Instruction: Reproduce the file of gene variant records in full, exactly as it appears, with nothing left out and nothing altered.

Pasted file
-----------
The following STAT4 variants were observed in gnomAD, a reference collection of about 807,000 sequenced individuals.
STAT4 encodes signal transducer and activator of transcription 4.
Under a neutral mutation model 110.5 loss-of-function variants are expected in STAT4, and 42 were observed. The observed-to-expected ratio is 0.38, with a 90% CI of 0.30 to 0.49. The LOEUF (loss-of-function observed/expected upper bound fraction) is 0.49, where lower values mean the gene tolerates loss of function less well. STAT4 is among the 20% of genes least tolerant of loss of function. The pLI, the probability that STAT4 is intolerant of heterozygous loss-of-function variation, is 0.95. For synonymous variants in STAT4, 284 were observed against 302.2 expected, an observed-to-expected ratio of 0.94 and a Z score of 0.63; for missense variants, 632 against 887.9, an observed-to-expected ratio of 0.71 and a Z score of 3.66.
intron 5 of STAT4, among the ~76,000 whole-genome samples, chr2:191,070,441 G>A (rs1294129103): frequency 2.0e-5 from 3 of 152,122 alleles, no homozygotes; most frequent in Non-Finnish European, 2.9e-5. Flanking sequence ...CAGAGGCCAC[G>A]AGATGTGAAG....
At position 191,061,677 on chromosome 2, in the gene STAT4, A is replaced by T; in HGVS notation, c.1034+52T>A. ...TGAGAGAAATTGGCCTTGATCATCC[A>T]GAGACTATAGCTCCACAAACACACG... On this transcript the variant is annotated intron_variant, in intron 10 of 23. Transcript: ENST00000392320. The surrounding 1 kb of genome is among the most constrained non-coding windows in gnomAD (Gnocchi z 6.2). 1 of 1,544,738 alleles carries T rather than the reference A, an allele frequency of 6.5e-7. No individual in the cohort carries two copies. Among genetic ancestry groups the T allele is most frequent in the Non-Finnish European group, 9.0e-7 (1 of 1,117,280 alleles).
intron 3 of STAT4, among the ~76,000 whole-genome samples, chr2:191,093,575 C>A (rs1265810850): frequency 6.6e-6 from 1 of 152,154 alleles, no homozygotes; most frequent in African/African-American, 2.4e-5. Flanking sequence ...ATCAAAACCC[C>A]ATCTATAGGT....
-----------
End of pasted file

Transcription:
The following STAT4 variants were observed in gnomAD, a reference collection of about 807,000 sequenced individuals.
STAT4 encodes signal transducer and activator of transcription 4.
Under a neutral mutation model 110.5 loss-of-function variants are expected in STAT4, and 42 were observed. The observed-to-expected ratio is 0.38, with a 90% CI of 0.30 to 0.49. The LOEUF (loss-of-function observed/expected upper bound fraction) is 0.49, where lower values mean the gene tolerates loss of function less well. STAT4 is among the 20% of genes least tolerant of loss of function. The pLI, the probability that STAT4 is intolerant of heterozygous loss-of-function variation, is 0.95. For synonymous variants in STAT4, 284 were observed against 302.2 expected, an observed-to-expected ratio of 0.94 and a Z score of 0.63; for missense variants, 632 against 887.9, an observed-to-expected ratio of 0.71 and a Z score of 3.66.
intron 5 of STAT4, among the ~76,000 whole-genome samples, chr2:191,070,441 G>A (rs1294129103): frequency 2.0e-5 from 3 of 152,122 alleles, no homozygotes; most frequent in Non-Finnish European, 2.9e-5. Flanking sequence ...CAGAGGCCAC[G>A]AGATGTGAAG....
At position 191,061,677 on chromosome 2, in the gene STAT4, A is replaced by T; in HGVS notation, c.1034+52T>A. ...TGAGAGAAATTGGCCTTGATCATCC[A>T]GAGACTATAGCTCCACAAACACACG... On this transcript the variant is annotated intron_variant, in intron 10 of 23. Transcript: ENST00000392320. The surrounding 1 kb of genome is among the most constrained non-coding windows in gnomAD (Gnocchi z 6.2). 1 of 1,544,738 alleles carries T rather than the reference A, an allele frequency of 6.5e-7. No individual in the cohort carries two copies. Among genetic ancestry groups the T allele is most frequent in the Non-Finnish European group, 9.0e-7 (1 of 1,117,280 alleles).
intron 3 of STAT4, among the ~76,000 whole-genome samples, chr2:191,093,575 C>A (rs1265810850): frequency 6.6e-6 from 1 of 152,154 alleles, no homozygotes; most frequent in African/African-American, 2.4e-5. Flanking sequence ...ATCAAAACCC[C>A]ATCTATAGGT....